Here is the nail in the coffin to put my argument that Darwin was a captive of his time and place: "Darwin certainly believed that the moral and cultural principles of his own people, and of his own day, were by far the highest that had emerged in evolutionary history. He believed that biology supported the marriage bond. He believed in innate male intellectual superiority, honed by the selective pressures of eons of hunting and fighting. 'To avoid enemies, or to attack them with success, to capture wild animals, and to invent and fashion weapons, requires the aid of the higher mental faculties, namely, observation, reason, invention, or imagination. These various faculties will thus have been continually put to the test, and selected during manhood...Thus man has ultimately become superior to women' [The Descent of Man: 2: 327-28]. The possibility of female choice among humans hardly ruffled the surface of his argument, although he repeatedly claimed that female choice was the primary motor for sexual selection in animals. Primitive societies, he conceded, may be matriarchal or polygamous. However, he regarded this as an unsophisticated state of affairs, barely one step removed from animals. Advance human society, to Darwin's mind, was patriarchal, based on what was them assumed about primate behaviour and the so-called 'natural' structure of civilised societies." p. 346.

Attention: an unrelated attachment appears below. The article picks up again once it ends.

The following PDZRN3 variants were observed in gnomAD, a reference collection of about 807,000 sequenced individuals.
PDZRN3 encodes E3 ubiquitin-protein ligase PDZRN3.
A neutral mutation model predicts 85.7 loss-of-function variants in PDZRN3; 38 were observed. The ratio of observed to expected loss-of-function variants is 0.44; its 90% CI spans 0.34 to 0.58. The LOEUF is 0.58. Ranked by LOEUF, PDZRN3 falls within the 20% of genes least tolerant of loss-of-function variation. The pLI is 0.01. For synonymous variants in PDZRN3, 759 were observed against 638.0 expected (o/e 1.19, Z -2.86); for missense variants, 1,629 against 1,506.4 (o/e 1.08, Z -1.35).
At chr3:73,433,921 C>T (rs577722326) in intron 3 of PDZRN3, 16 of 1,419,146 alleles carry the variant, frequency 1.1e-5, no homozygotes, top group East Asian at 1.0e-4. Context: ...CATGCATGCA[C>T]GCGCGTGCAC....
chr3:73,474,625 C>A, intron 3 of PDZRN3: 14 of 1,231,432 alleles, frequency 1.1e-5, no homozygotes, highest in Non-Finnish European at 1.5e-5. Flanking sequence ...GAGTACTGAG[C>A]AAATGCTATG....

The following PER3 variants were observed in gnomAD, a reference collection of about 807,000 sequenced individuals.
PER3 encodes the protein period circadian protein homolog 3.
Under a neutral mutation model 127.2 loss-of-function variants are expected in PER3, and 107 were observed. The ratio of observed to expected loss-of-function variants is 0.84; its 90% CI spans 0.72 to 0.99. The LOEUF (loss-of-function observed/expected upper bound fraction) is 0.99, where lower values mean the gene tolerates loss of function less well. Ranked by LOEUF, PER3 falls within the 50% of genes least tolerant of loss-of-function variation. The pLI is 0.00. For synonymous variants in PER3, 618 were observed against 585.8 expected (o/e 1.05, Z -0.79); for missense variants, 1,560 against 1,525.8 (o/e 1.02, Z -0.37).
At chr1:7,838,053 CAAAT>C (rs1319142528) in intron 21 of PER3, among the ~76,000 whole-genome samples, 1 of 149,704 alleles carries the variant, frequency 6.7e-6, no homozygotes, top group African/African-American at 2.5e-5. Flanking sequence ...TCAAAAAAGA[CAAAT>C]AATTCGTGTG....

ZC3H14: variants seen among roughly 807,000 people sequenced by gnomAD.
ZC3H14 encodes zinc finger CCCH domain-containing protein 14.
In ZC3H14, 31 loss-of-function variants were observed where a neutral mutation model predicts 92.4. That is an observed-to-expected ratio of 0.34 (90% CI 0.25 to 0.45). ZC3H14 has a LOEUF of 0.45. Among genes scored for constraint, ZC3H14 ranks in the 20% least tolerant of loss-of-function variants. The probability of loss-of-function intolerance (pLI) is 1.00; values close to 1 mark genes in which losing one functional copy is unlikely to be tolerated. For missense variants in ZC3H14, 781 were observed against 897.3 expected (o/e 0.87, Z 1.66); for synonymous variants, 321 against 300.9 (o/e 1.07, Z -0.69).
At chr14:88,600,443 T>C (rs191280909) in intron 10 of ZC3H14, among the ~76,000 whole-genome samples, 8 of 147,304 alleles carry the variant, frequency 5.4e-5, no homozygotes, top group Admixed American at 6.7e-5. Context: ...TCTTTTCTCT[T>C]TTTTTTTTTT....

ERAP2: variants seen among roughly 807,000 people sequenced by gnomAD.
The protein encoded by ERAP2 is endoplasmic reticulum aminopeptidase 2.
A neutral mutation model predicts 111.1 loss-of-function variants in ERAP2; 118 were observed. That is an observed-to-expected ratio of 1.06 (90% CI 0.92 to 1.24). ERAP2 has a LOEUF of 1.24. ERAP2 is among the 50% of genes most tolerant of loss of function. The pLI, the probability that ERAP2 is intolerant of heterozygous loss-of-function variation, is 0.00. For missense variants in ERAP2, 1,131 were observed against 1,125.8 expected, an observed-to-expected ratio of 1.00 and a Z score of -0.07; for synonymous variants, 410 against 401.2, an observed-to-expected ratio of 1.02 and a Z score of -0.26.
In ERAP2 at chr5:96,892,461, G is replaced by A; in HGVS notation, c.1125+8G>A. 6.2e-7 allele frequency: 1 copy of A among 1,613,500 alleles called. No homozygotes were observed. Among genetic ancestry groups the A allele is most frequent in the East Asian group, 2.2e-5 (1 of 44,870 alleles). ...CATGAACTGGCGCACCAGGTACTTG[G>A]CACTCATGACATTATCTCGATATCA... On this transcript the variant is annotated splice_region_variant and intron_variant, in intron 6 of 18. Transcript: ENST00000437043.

And of course, to make sure
that our assumptions about Darwin's patriarchal leanings are correct, one
sure method is to know what his thoughts were regarding his beliefs on birth
control. To be a complete patriarch, many in the social sciences believe that
the male has to control the "sexual urges" of the female -- and
that includes "deciding for the female" the direction her bodily
functions should take. Birth control came to the fore when an national "scandal"
unfolded in the summer of 1877 with the notorious obscenity trial of Charles
Bradlaugh and Annie Besant, in which Darwin was almost embroiled when he was
solicited by Bradlaugh to provide assistance. "In a sixpenny pamphlet
issued early in 1877, Besant and Bradlaugh had described the perils of of
over-population and recommended various methods of contraception...The pamphlet
addressed a completely new audience, issuing dire Malthusian warnings about
degeneration, dissipation, and 'unrestrained gratification of the reproductive
instinct' By explaining the means of contraception to the masses they hoped
to avert these calamities." p. 443.